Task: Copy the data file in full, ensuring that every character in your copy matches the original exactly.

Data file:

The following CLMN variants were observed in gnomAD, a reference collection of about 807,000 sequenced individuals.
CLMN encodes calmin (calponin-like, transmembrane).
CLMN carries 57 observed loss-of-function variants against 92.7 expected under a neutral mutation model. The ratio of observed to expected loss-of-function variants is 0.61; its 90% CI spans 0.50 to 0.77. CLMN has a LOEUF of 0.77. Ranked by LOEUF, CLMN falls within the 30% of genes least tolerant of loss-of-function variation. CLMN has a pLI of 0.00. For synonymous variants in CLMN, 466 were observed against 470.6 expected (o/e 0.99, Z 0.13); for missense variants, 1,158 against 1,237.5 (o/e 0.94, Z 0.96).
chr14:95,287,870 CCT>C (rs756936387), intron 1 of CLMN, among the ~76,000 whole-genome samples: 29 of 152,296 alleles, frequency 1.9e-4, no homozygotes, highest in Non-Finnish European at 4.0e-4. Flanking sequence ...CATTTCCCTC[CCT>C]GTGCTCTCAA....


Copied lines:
The following CLMN variants were observed in gnomAD, a reference collection of about 807,000 sequenced individuals.
CLMN encodes calmin (calponin-like, transmembrane).
CLMN carries 57 observed loss-of-function variants against 92.7 expected under a neutral mutation model. The ratio of observed to expected loss-of-function variants is 0.61; its 90% CI spans 0.50 to 0.77. CLMN has a LOEUF of 0.77. Ranked by LOEUF, CLMN falls within the 30% of genes least tolerant of loss-of-function variation. CLMN has a pLI of 0.00. For synonymous variants in CLMN, 466 were observed against 470.6 expected (o/e 0.99, Z 0.13); for missense variants, 1,158 against 1,237.5 (o/e 0.94, Z 0.96).
chr14:95,287,870 CCT>C (rs756936387), intron 1 of CLMN, among the ~76,000 whole-genome samples: 29 of 152,296 alleles, frequency 1.9e-4, no homozygotes, highest in Non-Finnish European at 4.0e-4. Flanking sequence ...CATTTCCCTC[CCT>C]GTGCTCTCAA....